There are 25m households in the UK, with an average of 2.4 persons each.

This source says 33 sq m per person (which sounds about right given the above):

Household floor space per capita

With a ceiling height of 3.3m, this is 100 cubic metres of space per person.Which,

allowing for lifetimes of 100 years, the entire landfill waste generated by a household would occupy around half of the volume of the house.

OK, I’m probably off by a factor of 2 here and there, but this doesn’t seem to me to be so big an issue to need to solve so drastically, especially given that the amount of surface area covered by housing in the UK is quite small anyway.

Nuclear power deaths

A recent paper from NASA seeks to analyse total global fatalities attributable to nuclear power.

They find that 1.8 million deaths have been AVOIDED over the lifetime of the nuclear power industry due to a reduction in air-pollution related diseases that would have resulted from fossil fuel burning.

A few more notes on nuclear power here.

Half in, half out

More people live inside this area than live outside:

Half worlds population

You might also like this graphic of population density.


Over 98% of expert games begin with 1 of 4 moves, out of a possible 20:


I used to play the Grob (1.g4) and did quite well with it. It’s a trade off, making a slightly less good first move to very quickly get into positions that your opponent has never been in before and needs to use up clock time to consider options from an unusually early stage of the game.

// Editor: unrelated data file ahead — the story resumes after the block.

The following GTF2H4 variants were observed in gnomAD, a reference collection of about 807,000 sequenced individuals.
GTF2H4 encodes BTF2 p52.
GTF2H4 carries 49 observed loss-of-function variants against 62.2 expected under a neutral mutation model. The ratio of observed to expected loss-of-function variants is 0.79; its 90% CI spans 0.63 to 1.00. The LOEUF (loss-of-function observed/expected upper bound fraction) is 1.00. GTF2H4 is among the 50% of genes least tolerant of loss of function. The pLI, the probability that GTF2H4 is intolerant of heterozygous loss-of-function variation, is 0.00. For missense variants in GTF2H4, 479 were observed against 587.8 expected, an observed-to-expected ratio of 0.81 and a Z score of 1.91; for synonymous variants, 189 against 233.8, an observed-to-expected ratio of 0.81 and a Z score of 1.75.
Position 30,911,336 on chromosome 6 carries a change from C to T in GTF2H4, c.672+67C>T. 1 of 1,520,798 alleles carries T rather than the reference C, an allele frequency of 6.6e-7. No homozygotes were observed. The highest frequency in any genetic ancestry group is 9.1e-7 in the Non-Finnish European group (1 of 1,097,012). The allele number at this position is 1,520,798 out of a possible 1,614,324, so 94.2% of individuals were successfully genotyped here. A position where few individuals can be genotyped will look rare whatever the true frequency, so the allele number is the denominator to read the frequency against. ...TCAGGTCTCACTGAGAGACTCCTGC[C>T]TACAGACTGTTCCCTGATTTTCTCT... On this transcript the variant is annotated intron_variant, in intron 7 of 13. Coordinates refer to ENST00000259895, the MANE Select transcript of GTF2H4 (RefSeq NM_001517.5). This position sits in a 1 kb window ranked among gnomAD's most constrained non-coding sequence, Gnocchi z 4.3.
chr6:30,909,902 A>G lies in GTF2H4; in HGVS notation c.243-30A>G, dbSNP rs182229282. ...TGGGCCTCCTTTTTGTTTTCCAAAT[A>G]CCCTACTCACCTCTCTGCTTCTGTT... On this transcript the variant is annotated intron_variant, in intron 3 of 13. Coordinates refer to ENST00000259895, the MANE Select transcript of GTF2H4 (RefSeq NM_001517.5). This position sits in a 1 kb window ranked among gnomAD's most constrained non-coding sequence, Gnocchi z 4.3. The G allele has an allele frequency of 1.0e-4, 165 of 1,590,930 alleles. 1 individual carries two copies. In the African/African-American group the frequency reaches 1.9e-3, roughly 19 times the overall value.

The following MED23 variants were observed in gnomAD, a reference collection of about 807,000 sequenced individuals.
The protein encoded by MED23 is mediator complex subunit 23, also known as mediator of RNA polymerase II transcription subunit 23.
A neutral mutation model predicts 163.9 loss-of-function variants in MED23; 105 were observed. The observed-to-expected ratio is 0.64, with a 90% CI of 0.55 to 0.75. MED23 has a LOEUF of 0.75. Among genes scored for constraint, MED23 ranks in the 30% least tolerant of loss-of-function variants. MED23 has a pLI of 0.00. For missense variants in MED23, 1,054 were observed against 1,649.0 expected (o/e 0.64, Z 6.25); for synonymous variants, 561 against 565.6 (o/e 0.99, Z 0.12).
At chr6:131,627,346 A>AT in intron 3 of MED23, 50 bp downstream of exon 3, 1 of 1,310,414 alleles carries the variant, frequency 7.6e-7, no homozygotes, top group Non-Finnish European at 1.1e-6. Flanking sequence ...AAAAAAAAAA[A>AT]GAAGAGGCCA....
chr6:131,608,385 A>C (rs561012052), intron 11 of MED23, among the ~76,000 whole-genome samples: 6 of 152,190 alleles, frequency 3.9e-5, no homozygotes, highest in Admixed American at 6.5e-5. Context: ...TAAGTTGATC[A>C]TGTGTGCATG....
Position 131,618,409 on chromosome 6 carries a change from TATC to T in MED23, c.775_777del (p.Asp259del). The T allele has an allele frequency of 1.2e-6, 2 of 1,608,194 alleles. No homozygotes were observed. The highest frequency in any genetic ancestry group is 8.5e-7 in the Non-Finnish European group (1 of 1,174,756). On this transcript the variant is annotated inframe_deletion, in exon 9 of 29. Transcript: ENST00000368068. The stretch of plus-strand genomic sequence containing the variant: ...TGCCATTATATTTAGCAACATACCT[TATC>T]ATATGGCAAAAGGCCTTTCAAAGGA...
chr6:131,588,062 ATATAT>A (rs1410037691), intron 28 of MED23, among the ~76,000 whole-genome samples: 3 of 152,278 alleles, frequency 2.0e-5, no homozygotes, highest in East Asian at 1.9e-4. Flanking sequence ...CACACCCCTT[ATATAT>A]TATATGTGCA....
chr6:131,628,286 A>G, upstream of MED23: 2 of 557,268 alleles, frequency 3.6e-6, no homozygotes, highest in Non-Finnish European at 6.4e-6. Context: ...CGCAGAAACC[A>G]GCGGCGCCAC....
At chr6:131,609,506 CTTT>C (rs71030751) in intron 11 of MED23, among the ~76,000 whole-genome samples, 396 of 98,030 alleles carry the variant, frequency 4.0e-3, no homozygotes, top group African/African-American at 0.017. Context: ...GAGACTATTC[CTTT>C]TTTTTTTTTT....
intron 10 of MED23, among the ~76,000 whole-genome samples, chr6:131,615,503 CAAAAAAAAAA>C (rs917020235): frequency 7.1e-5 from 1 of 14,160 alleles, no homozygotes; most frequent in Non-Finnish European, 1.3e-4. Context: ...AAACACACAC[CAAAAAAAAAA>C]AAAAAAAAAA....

This is a tactic that Kasparov used against IBM’s Deep Blue, reaching a position after 3 moves that had only ever been seen once before at tournament level.

in any long game of chess it’s quite likely that a position is reached that no two players in the history of humanity have encountered before.

More in Nate Silver’s ‘The Signal and the Noise’.

Football is not a matter of life and death

I attended a lecture this week on research between stress and heart attacks, where this chart (from a New England Journal of Medicine paper) was displayed, showing incidences of heart attacks in the German population over the period of the 2006 Football World Cup, along with the data for previous years for comparison:

Show me the numbers

No really, show me the numbers. That was too fast…here’s a clip from a competition where people are adding together 15 3-digit numbers:



The world record is 1.70 seconds. Mental images of abacuses are the key.

More here.

Heads I win, tails you lose

In an article by Tim Harford, it was reported that only 25% of Labour MPs were able to correctly answer the question “what is the probability of getting two heads when a coin is tossed twice?”
For comparison, 30% of the general population got the question right.


Today I went to a ‘bite-sized lunchtime lecture’ at UCL, and courtesy of Dr Sara Hillman learnt that a low birth weight child was a predictor of future diabetes in the father, and that in turn having a father who smoked was a predictor of the baby being born with a low birth weight.

And then across the road at the Wellcome Trust had a look at a set of books mapping all 23 chromosomes containing the complete human DNA sequence:


There are 3 billion letters in the books, and if you compared your own DNA to the sample in the book you’d find only a few million differences